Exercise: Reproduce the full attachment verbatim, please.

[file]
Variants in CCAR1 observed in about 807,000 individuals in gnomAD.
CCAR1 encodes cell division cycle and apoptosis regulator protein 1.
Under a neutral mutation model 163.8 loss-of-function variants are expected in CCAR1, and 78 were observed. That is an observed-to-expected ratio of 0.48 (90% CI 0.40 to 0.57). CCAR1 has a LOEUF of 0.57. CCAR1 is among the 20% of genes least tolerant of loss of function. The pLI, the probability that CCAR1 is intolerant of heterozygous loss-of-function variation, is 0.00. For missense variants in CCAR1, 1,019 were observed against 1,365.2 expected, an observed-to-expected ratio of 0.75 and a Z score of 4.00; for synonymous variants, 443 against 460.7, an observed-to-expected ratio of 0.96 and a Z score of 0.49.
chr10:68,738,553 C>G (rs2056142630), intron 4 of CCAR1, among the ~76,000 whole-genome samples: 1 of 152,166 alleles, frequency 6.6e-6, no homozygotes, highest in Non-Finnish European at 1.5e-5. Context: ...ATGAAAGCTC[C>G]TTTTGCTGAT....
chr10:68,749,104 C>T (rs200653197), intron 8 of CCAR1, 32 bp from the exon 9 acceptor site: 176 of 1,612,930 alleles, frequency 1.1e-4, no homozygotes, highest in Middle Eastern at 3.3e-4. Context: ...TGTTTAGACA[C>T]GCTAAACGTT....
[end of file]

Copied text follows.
Variants in CCAR1 observed in about 807,000 individuals in gnomAD.
CCAR1 encodes cell division cycle and apoptosis regulator protein 1.
Under a neutral mutation model 163.8 loss-of-function variants are expected in CCAR1, and 78 were observed. That is an observed-to-expected ratio of 0.48 (90% CI 0.40 to 0.57). CCAR1 has a LOEUF of 0.57. CCAR1 is among the 20% of genes least tolerant of loss of function. The pLI, the probability that CCAR1 is intolerant of heterozygous loss-of-function variation, is 0.00. For missense variants in CCAR1, 1,019 were observed against 1,365.2 expected, an observed-to-expected ratio of 0.75 and a Z score of 4.00; for synonymous variants, 443 against 460.7, an observed-to-expected ratio of 0.96 and a Z score of 0.49.
chr10:68,738,553 C>G (rs2056142630), intron 4 of CCAR1, among the ~76,000 whole-genome samples: 1 of 152,166 alleles, frequency 6.6e-6, no homozygotes, highest in Non-Finnish European at 1.5e-5. Context: ...ATGAAAGCTC[C>G]TTTTGCTGAT....
chr10:68,749,104 C>T (rs200653197), intron 8 of CCAR1, 32 bp from the exon 9 acceptor site: 176 of 1,612,930 alleles, frequency 1.1e-4, no homozygotes, highest in Middle Eastern at 3.3e-4. Context: ...TGTTTAGACA[C>T]GCTAAACGTT....